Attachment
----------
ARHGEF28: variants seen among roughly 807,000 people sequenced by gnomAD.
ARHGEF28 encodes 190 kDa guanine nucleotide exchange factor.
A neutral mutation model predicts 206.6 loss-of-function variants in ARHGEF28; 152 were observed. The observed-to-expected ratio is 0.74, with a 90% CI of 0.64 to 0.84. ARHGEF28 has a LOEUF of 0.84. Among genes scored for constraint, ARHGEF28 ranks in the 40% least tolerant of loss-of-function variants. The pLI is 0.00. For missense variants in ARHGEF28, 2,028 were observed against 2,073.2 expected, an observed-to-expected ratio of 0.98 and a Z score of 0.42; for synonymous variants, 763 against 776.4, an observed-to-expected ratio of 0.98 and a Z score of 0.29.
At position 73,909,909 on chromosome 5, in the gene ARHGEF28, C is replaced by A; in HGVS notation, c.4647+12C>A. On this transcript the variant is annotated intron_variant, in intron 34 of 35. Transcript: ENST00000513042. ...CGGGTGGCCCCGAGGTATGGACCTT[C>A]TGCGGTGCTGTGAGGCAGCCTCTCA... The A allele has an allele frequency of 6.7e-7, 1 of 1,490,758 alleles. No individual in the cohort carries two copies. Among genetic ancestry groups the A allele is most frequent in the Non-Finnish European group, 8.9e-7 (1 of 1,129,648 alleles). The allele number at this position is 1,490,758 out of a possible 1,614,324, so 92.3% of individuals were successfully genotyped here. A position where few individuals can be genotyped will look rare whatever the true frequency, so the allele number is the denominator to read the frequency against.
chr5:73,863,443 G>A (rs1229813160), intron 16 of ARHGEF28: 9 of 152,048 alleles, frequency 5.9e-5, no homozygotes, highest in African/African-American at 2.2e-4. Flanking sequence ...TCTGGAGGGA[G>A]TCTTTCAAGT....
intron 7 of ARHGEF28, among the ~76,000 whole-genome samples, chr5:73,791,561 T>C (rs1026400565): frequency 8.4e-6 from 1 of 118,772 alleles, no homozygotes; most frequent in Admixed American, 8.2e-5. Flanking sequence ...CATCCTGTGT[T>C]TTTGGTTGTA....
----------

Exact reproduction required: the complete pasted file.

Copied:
ARHGEF28: variants seen among roughly 807,000 people sequenced by gnomAD.
ARHGEF28 encodes 190 kDa guanine nucleotide exchange factor.
A neutral mutation model predicts 206.6 loss-of-function variants in ARHGEF28; 152 were observed. The observed-to-expected ratio is 0.74, with a 90% CI of 0.64 to 0.84. ARHGEF28 has a LOEUF of 0.84. Among genes scored for constraint, ARHGEF28 ranks in the 40% least tolerant of loss-of-function variants. The pLI is 0.00. For missense variants in ARHGEF28, 2,028 were observed against 2,073.2 expected, an observed-to-expected ratio of 0.98 and a Z score of 0.42; for synonymous variants, 763 against 776.4, an observed-to-expected ratio of 0.98 and a Z score of 0.29.
At position 73,909,909 on chromosome 5, in the gene ARHGEF28, C is replaced by A; in HGVS notation, c.4647+12C>A. On this transcript the variant is annotated intron_variant, in intron 34 of 35. Transcript: ENST00000513042. ...CGGGTGGCCCCGAGGTATGGACCTT[C>A]TGCGGTGCTGTGAGGCAGCCTCTCA... The A allele has an allele frequency of 6.7e-7, 1 of 1,490,758 alleles. No individual in the cohort carries two copies. Among genetic ancestry groups the A allele is most frequent in the Non-Finnish European group, 8.9e-7 (1 of 1,129,648 alleles). The allele number at this position is 1,490,758 out of a possible 1,614,324, so 92.3% of individuals were successfully genotyped here. A position where few individuals can be genotyped will look rare whatever the true frequency, so the allele number is the denominator to read the frequency against.
chr5:73,863,443 G>A (rs1229813160), intron 16 of ARHGEF28: 9 of 152,048 alleles, frequency 5.9e-5, no homozygotes, highest in African/African-American at 2.2e-4. Flanking sequence ...TCTGGAGGGA[G>A]TCTTTCAAGT....
intron 7 of ARHGEF28, among the ~76,000 whole-genome samples, chr5:73,791,561 T>C (rs1026400565): frequency 8.4e-6 from 1 of 118,772 alleles, no homozygotes; most frequent in Admixed American, 8.2e-5. Flanking sequence ...CATCCTGTGT[T>C]TTTGGTTGTA....